Pen Pal

Q: Q: How do you decide who my pen pal will be?

A:

A: Every inmate has been screened and has completed a written application with L’Asurim.  That application requests that the inmate describe himself or herself and list things such as hobbies, interests, and details of their imprisonment.  By completing the Volunteer Pen Pal Application Form <<<LINK>>>, we will try to find the most compatible match for both parties.  Both your application and the inmate’s application are strictly confidential and are only used internally by L’Asurim and are never given out to a third party (even to the prospective pen pal).

Q: Q: If my application is confidential, how does my pen pal get to know me?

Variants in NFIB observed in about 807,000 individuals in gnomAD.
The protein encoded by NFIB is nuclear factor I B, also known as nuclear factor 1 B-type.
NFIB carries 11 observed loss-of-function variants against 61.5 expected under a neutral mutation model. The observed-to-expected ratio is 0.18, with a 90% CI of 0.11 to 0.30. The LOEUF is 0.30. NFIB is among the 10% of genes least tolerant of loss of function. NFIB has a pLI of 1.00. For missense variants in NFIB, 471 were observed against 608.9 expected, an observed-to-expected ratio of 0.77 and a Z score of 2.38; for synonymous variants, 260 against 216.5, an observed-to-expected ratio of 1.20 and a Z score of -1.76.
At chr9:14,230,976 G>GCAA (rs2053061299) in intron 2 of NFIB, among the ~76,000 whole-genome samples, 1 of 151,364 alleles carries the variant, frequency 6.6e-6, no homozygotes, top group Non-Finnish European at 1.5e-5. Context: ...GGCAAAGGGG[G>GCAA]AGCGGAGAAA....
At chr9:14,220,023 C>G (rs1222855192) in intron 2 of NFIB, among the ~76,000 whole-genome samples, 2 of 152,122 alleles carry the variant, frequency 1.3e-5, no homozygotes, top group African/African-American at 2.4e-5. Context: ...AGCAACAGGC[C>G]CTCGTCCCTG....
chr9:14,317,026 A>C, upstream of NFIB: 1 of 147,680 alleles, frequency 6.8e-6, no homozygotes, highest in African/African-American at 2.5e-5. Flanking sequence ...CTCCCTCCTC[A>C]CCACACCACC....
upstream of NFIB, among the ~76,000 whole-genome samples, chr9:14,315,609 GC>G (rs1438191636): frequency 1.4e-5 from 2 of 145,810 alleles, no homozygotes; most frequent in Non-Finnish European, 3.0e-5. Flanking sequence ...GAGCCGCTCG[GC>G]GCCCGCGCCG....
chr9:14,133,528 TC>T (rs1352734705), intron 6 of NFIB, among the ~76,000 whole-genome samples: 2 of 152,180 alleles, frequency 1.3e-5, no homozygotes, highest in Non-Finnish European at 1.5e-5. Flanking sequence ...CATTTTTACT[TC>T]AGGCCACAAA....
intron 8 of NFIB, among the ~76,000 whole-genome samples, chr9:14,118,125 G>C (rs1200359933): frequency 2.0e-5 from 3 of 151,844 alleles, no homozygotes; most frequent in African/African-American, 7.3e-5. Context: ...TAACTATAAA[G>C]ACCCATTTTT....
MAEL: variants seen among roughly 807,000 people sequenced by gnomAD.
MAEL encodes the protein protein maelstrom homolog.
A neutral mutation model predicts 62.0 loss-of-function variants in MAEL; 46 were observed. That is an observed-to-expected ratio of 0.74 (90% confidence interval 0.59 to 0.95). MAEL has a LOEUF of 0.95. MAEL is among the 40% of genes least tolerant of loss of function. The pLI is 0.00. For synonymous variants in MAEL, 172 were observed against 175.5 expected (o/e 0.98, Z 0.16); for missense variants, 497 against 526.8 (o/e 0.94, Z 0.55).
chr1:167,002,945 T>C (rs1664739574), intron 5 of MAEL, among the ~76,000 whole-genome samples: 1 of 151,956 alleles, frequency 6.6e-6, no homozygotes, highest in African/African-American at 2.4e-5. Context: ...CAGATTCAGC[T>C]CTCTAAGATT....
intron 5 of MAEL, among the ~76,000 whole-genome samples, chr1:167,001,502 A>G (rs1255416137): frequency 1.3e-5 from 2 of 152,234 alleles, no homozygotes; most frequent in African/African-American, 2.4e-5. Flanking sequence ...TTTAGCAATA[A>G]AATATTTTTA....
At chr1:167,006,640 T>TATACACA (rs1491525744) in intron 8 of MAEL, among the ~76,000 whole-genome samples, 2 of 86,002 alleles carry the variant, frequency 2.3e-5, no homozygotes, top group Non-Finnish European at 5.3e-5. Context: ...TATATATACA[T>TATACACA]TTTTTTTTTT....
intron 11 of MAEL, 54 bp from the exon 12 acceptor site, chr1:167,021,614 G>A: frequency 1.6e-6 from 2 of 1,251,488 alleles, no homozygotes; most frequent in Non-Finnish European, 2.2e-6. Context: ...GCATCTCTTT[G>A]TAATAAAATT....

A:

A: You tell them. We will give you the name and address of the pen pal that we have determined to be a good match for you.  At that point, you will mail your first letter or card and that will be the inmate’s initial notification that a pen pal relationship has commenced.  You both will grow the relationship at your own pace and disclose information to each other as you both determine to be comfortable and appropriate.  Feel free to use this sample letter <<<LINK>>> for some ideas on composing your first letter.

Q: Q: What if I do not want an inmate to have my address?

A:

A: If the inmate having your personal address is a concern, then you should procure a P.O. Box and use that as your mailing address in all correspondence.  If you do not have or do not want to buy a P.O. Box, you can contact L’Asurim and arrangements can be made to use our office address as a mailing address.

Q: Q: What if I do not want an inmate to know my name ?

A:

A: You may select a pen name if you would like to keep your real name confidential.  In this case, you would also use the office of L’Asurim as the mailing address and we will act as the intermediary to send and receive the mail.

Q: Q: Can I send e-mails?

A: